Twenty years ago, Crystal was drifting in New York City, an addict, struggling to get clean and make a better life for herself, entrusting her children to her mother and her sister.

“I missed growing up, you know?” she says. “I was living in two worlds -- one when I was sober, the other when I was high, like I was always trying to find a different world to be in.” 

Her family was poor, and she and her sisters shared the raising of their children -- almost all girls. After some bad relationships and a tough time trying to be a mother, Crystal found herself in jail.

“I was addicted but I wanted to live life, and to be a mother to my kids,” Crystal says. “I didn’t have any help. Neighbors and family would tell me after they saw me messed up that I needed help, but no one gave me a hand to stop me from sliding into it.” 

Crystal finally joined Narcotics Anonymous and started the long uphill climb to stability.  Being at NA gave Crystal the support she needed to get clean and stay clean. Crystal never missed a single NA meeting, but she was still homeless, and her criminal record and unemployment made finding a home next to impossible. For her, the only thing that was really missing was a home.

“I was tired of the streets, tired of being kicked out,” she says. “My kids needed a real home, and I couldn't give them one.”

Then, one day, someone at NA gave her a phone number -- the Admissions Office at Palladia -- and her life changed. 

“I had prayed for so long that I didn’t know that day I would hit the ‘life lottery,’” she says. “Just the interview -- just being there and feeling that someone was accepting me -- that’s the greatest thing. It grounded me. It was the beginning of the beginning.”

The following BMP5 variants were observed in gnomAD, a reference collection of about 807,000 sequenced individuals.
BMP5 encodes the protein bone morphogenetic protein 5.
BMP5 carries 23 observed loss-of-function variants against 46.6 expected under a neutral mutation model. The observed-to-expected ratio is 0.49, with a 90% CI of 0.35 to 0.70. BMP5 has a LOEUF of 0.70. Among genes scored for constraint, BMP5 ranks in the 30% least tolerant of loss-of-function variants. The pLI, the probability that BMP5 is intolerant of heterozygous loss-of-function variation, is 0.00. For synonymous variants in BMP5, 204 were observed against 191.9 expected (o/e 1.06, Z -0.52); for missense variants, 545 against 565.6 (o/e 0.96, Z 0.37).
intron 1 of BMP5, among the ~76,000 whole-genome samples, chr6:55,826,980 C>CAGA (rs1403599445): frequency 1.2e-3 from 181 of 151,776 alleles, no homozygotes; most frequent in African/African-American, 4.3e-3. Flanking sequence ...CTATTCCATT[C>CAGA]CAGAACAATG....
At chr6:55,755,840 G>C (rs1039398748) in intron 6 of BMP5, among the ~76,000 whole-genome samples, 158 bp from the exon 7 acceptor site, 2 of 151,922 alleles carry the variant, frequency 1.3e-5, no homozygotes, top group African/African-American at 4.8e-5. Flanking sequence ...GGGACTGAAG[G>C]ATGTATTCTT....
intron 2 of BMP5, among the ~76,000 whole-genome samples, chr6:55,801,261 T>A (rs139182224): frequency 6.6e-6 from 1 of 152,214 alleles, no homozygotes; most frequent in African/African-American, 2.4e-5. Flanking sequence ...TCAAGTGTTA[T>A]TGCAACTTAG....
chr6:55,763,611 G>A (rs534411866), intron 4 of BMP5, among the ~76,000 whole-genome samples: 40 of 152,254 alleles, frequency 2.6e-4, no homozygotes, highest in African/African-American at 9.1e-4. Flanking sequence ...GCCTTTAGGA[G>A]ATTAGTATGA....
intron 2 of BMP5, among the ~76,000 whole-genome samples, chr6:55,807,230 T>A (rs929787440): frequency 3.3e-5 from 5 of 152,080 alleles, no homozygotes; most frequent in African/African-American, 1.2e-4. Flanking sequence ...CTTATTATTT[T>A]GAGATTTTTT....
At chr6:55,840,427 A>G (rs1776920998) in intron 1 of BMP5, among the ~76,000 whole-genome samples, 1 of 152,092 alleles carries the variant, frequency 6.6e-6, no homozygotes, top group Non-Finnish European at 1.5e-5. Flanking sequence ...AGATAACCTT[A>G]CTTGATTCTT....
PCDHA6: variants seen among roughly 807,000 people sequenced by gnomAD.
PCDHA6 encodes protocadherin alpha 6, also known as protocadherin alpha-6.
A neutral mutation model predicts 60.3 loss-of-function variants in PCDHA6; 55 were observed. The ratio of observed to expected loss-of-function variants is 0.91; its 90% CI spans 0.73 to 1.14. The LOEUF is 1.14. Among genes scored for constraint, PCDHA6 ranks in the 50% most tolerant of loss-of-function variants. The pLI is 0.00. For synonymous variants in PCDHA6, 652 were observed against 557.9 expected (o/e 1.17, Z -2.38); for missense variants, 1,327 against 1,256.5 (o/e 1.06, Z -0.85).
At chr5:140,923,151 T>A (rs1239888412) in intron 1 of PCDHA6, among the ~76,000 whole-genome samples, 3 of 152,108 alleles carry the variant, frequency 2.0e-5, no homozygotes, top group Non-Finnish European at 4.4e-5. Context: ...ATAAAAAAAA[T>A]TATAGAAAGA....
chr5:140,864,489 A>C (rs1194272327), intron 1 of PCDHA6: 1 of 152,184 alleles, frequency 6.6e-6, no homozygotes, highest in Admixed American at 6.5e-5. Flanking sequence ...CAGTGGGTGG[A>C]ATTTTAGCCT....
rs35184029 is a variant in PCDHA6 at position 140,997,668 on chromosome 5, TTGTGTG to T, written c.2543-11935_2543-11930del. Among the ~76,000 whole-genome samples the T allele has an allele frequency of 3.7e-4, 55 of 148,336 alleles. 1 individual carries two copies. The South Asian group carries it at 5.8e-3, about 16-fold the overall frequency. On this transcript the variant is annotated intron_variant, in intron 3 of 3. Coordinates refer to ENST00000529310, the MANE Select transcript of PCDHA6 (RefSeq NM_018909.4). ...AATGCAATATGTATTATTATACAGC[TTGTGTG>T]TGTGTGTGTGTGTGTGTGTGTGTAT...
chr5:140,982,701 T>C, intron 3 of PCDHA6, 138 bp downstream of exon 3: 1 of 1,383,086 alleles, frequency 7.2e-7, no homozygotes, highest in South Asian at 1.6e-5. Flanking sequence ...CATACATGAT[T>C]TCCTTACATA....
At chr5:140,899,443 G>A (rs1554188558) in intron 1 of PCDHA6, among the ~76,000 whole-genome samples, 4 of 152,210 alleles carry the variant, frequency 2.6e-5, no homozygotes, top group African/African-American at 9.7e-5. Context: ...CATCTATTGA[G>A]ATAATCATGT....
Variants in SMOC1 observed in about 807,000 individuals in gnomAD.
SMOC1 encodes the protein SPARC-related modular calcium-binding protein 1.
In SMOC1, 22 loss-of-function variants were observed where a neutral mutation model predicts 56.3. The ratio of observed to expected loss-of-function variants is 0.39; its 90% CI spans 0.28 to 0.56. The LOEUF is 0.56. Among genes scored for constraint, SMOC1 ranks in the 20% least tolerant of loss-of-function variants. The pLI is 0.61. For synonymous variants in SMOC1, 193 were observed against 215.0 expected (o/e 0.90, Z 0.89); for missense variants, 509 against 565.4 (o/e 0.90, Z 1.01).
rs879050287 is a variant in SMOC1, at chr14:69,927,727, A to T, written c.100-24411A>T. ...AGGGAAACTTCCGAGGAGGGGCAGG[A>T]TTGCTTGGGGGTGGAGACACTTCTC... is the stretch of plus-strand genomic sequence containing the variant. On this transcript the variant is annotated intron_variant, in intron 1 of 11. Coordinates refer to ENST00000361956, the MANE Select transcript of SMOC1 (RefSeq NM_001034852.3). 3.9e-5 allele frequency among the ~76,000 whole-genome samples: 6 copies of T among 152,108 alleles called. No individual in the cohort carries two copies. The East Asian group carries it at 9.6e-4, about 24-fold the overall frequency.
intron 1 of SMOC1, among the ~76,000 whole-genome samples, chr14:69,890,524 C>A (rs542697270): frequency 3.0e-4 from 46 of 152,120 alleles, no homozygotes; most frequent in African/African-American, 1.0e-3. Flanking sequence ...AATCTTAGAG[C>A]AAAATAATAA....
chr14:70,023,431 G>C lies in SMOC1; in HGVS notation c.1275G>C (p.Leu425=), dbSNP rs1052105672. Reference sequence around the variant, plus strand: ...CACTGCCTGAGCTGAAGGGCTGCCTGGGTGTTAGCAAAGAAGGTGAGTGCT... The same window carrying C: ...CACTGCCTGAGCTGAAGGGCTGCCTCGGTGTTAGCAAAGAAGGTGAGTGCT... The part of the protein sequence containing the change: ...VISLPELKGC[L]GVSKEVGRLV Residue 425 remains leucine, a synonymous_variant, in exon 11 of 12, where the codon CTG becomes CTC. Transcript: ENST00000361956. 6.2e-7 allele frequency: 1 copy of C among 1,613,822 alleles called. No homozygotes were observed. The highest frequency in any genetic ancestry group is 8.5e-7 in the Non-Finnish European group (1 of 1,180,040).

Crystal moved into Palladia's Flora Vista supportive housing and she finally found the stable home she had searched for her entire life. For her, stability is about exposure once you’re clean. 

“You can sober up all you want to, but then you go to a meeting in a building next to a run-down empty lot where they’re getting high, and you can see it right there from the street, you’re still exposed to it,” she says. “I don’t have to be in a new, toxic environment with people judging me, shaming me. That is all like a dream -- those 20 years of homelessness and addiction -- that was the dream and now this is the Real World.”

Crystal’s first grandson was born not long after she moved into Flora Vista. Today, her kids and grandkids think of Flora Vista as her home, where they go to visit Grandma.  She is so proud of the space and loves to have the whole family over for a barbecue in the summer, down in the garden. 

“What is hope? This is. All this,” she says. “Hope is being able to feel like I can do what I want to do. It's being able to be there for my kids and my grandkids." 

Now she wants to help others like her find the same hope. “I’ve been there, done that,” she’d tell them. “It's hard, and so many people don't make it back up. If they had this opportunity I had, they would have made it. I want people to know that they can get that help. I want people to have hope.” 

Since her own mother passed away recently, Crystal has become the matriarch of her extended family. She is the rock at the center of their lives, and the wisdom she gained through hardship has made her appreciate that all the more. Crystal gets to be the mother she always wanted to be, to pass on the hope, and to see her grandchildren grow up happy and healthy.

Story courtesy of Palladia